It was about mile 2 where we hit the first watering station and thats when it really hits me, of just how long a 13 mile race really is. I would have to pass 6 more of these aid stations before finishing the race. It was also about this time, that I got in the mood to racewalk more and more. With my headphones and music cranked up, I was pretty much oblivious to what was happening around me. The diversion of music also gives me the courage to racewalk in huge crowds without getting too embarrassed. One runner lady who did pass me, tapped me on my shoulder and told me what a nice butt I had , and how she had been been watching my hips for the last 1/2 miles. I just laughed and continued to racewalk. I had seen lots of other walkers on the course swinging there arms, power walking or speed walking (which is not real racewalking), so I felt totally comfortable doing my thing. Mind you, I might not be the best racewalker, but I am a real racewalker. I follow all the rules.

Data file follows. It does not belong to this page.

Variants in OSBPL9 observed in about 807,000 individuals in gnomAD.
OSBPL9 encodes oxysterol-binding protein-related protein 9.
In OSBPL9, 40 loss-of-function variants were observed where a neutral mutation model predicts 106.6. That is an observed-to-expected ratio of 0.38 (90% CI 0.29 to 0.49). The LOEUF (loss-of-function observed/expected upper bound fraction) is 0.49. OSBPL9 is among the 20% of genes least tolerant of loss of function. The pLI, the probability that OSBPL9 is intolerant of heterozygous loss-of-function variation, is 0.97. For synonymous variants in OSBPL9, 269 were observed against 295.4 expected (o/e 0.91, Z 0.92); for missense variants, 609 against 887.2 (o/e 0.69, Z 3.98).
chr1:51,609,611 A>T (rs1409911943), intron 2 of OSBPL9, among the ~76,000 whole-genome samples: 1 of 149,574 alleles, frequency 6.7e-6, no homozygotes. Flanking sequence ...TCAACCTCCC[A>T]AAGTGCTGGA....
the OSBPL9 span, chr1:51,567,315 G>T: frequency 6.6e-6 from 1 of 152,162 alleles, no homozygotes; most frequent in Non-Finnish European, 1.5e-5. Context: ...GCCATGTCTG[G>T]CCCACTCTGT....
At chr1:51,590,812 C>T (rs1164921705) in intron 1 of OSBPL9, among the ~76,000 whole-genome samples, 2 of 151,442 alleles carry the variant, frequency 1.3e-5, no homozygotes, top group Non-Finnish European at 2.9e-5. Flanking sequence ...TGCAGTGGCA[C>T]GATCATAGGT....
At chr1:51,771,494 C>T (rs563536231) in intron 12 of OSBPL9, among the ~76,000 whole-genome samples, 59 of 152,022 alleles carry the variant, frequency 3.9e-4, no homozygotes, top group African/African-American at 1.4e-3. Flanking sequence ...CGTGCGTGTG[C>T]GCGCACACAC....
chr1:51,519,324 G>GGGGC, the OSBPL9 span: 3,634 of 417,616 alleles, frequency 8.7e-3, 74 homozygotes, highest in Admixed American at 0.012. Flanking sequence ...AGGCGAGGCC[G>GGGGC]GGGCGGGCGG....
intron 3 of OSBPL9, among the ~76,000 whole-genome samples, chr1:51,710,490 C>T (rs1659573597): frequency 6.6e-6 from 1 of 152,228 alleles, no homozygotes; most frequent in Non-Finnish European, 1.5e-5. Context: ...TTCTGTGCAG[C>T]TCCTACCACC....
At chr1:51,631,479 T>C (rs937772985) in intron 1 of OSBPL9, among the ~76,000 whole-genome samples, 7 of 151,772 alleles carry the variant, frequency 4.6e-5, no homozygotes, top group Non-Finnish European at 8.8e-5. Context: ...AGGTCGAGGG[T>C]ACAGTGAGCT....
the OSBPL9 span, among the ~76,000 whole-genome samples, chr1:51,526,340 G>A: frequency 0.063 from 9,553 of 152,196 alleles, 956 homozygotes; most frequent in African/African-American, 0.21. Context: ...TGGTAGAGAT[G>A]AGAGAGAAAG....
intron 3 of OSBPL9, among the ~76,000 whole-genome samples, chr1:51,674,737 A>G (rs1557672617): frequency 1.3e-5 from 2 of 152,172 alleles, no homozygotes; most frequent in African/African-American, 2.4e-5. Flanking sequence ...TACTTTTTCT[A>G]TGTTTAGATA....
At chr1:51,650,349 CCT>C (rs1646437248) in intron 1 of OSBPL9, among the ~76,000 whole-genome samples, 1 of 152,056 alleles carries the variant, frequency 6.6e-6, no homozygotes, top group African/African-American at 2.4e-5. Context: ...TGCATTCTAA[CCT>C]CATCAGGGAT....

The next 10 miles were actually pretty boring. To break up the monotony I decided I would racewalk the rest of the race. I racewalked on and off as much as I could and even when I would slow to a snails pace to catch my breath, I would try my best to stay in legal form (that’s racewalking lingo for, maintaining technique…ie forward knee locked and one foot on the ground at all times).
Miles 10 through 13 were the toughest. It was starting to get really warm , the sun was shining right in my face and I could actually feel myself overheating. I forced myself to drink both the electrolyte and plain water that was offered at each aid station, but I could still feel my calf muscles and left IT band wanting to spasm and lock up. I was also starting to breath pretty heavily, which is not a good thing for me, because it means that Im gonna be trapping a lot of air in my lungs. The problem with breathing fast, is that I cant exhale fast enough to make room for the next incoming breath. The longer this goes on, the more air that gets trapped in the smaller airways of my lung .Eventually my lungs will blowup like a balloon.